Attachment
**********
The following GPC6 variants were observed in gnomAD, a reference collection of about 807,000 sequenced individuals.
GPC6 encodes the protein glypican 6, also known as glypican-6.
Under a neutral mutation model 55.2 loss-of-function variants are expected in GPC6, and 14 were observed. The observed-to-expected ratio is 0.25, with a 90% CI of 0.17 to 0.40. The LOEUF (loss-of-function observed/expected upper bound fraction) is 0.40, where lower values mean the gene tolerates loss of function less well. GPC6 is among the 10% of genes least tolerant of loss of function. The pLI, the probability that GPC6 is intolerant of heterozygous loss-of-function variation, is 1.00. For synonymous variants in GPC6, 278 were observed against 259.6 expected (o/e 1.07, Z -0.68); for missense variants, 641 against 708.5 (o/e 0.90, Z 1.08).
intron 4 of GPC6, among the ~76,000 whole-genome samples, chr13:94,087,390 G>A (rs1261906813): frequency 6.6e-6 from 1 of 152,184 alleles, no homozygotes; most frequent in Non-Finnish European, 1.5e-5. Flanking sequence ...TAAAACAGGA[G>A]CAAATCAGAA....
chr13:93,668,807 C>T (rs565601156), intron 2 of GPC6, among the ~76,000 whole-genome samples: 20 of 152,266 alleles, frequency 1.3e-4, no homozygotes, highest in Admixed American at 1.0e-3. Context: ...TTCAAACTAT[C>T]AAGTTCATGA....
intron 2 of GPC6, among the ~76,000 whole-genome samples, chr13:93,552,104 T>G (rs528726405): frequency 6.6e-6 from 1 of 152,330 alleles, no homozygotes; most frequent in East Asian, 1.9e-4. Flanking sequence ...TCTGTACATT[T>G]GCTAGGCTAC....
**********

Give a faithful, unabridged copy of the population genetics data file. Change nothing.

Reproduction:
The following GPC6 variants were observed in gnomAD, a reference collection of about 807,000 sequenced individuals.
GPC6 encodes the protein glypican 6, also known as glypican-6.
Under a neutral mutation model 55.2 loss-of-function variants are expected in GPC6, and 14 were observed. The observed-to-expected ratio is 0.25, with a 90% CI of 0.17 to 0.40. The LOEUF (loss-of-function observed/expected upper bound fraction) is 0.40, where lower values mean the gene tolerates loss of function less well. GPC6 is among the 10% of genes least tolerant of loss of function. The pLI, the probability that GPC6 is intolerant of heterozygous loss-of-function variation, is 1.00. For synonymous variants in GPC6, 278 were observed against 259.6 expected (o/e 1.07, Z -0.68); for missense variants, 641 against 708.5 (o/e 0.90, Z 1.08).
intron 4 of GPC6, among the ~76,000 whole-genome samples, chr13:94,087,390 G>A (rs1261906813): frequency 6.6e-6 from 1 of 152,184 alleles, no homozygotes; most frequent in Non-Finnish European, 1.5e-5. Flanking sequence ...TAAAACAGGA[G>A]CAAATCAGAA....
chr13:93,668,807 C>T (rs565601156), intron 2 of GPC6, among the ~76,000 whole-genome samples: 20 of 152,266 alleles, frequency 1.3e-4, no homozygotes, highest in Admixed American at 1.0e-3. Context: ...TTCAAACTAT[C>T]AAGTTCATGA....
intron 2 of GPC6, among the ~76,000 whole-genome samples, chr13:93,552,104 T>G (rs528726405): frequency 6.6e-6 from 1 of 152,330 alleles, no homozygotes; most frequent in East Asian, 1.9e-4. Flanking sequence ...TCTGTACATT[T>G]GCTAGGCTAC....